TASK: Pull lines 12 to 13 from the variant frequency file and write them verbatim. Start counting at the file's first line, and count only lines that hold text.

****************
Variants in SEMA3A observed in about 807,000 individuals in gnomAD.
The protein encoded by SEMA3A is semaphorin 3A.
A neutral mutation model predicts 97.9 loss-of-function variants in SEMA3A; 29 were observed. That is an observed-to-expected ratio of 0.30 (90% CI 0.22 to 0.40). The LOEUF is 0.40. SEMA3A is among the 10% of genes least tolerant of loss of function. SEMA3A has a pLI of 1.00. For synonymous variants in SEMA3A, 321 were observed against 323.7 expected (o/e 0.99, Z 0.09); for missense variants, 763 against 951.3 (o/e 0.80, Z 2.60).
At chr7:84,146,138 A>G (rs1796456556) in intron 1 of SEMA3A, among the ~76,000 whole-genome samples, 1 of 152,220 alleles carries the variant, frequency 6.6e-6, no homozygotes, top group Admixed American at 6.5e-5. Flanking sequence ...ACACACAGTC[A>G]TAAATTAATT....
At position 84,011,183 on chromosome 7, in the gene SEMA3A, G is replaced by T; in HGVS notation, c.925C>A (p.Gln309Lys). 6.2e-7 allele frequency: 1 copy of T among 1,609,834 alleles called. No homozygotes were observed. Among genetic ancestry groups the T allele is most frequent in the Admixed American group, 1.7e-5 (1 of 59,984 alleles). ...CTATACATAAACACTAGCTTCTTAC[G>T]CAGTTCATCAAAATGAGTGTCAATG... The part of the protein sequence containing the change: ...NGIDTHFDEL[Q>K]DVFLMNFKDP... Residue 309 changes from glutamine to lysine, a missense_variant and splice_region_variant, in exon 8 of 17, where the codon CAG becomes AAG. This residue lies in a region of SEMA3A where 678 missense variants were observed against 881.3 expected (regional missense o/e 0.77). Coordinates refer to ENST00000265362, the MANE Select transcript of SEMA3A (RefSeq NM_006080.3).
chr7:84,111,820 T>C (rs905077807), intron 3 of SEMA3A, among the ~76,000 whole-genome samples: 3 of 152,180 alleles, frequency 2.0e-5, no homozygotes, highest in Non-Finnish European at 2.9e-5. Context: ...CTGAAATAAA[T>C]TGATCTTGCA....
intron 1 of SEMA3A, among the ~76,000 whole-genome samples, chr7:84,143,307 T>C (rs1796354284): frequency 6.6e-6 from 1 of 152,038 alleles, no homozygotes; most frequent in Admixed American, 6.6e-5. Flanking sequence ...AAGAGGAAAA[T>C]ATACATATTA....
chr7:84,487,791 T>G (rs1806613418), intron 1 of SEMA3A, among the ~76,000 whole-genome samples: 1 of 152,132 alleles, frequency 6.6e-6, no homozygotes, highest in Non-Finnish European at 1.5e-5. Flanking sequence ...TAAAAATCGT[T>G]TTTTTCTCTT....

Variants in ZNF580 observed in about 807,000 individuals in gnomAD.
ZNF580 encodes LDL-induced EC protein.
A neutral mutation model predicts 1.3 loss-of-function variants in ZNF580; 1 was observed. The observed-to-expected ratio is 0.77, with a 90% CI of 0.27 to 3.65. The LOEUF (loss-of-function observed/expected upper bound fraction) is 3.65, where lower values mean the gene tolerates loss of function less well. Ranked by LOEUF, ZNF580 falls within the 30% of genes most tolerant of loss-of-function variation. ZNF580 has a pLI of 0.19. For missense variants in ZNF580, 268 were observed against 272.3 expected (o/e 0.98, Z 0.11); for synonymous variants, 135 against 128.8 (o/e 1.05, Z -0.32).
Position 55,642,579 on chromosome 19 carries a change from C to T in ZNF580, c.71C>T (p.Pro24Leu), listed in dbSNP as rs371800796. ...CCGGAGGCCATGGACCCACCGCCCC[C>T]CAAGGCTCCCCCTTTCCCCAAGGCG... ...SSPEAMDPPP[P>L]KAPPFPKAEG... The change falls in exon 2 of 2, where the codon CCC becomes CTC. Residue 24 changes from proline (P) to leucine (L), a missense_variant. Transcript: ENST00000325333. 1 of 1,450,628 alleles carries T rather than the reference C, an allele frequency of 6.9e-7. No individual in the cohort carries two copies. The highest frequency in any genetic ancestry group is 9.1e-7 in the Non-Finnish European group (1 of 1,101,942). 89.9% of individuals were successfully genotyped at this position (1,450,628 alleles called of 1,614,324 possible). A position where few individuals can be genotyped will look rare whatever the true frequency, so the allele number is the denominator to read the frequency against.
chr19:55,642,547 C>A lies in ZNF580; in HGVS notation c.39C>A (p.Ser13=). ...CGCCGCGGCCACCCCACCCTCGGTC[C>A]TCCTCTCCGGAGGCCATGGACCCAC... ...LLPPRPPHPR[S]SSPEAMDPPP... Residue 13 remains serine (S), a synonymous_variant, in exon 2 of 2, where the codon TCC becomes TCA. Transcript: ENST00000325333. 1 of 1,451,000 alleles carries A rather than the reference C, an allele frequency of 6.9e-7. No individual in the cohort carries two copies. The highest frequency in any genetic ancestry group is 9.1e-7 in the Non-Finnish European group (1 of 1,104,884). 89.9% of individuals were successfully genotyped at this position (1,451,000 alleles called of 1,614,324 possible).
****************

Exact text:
Position 55,642,579 on chromosome 19 carries a change from C to T in ZNF580, c.71C>T (p.Pro24Leu), listed in dbSNP as rs371800796. ...CCGGAGGCCATGGACCCACCGCCCC[C>T]CAAGGCTCCCCCTTTCCCCAAGGCG... ...SSPEAMDPPP[P>L]KAPPFPKAEG... The change falls in exon 2 of 2, where the codon CCC becomes CTC. Residue 24 changes from proline (P) to leucine (L), a missense_variant. Transcript: ENST00000325333. 1 of 1,450,628 alleles carries T rather than the reference C, an allele frequency of 6.9e-7. No individual in the cohort carries two copies. The highest frequency in any genetic ancestry group is 9.1e-7 in the Non-Finnish European group (1 of 1,101,942). 89.9% of individuals were successfully genotyped at this position (1,450,628 alleles called of 1,614,324 possible). A position where few individuals can be genotyped will look rare whatever the true frequency, so the allele number is the denominator to read the frequency against.
chr19:55,642,547 C>A lies in ZNF580; in HGVS notation c.39C>A (p.Ser13=). ...CGCCGCGGCCACCCCACCCTCGGTC[C>A]TCCTCTCCGGAGGCCATGGACCCAC... ...LLPPRPPHPR[S]SSPEAMDPPP... Residue 13 remains serine (S), a synonymous_variant, in exon 2 of 2, where the codon TCC becomes TCA. Transcript: ENST00000325333. 1 of 1,451,000 alleles carries A rather than the reference C, an allele frequency of 6.9e-7. No individual in the cohort carries two copies. The highest frequency in any genetic ancestry group is 9.1e-7 in the Non-Finnish European group (1 of 1,104,884). 89.9% of individuals were successfully genotyped at this position (1,451,000 alleles called of 1,614,324 possible).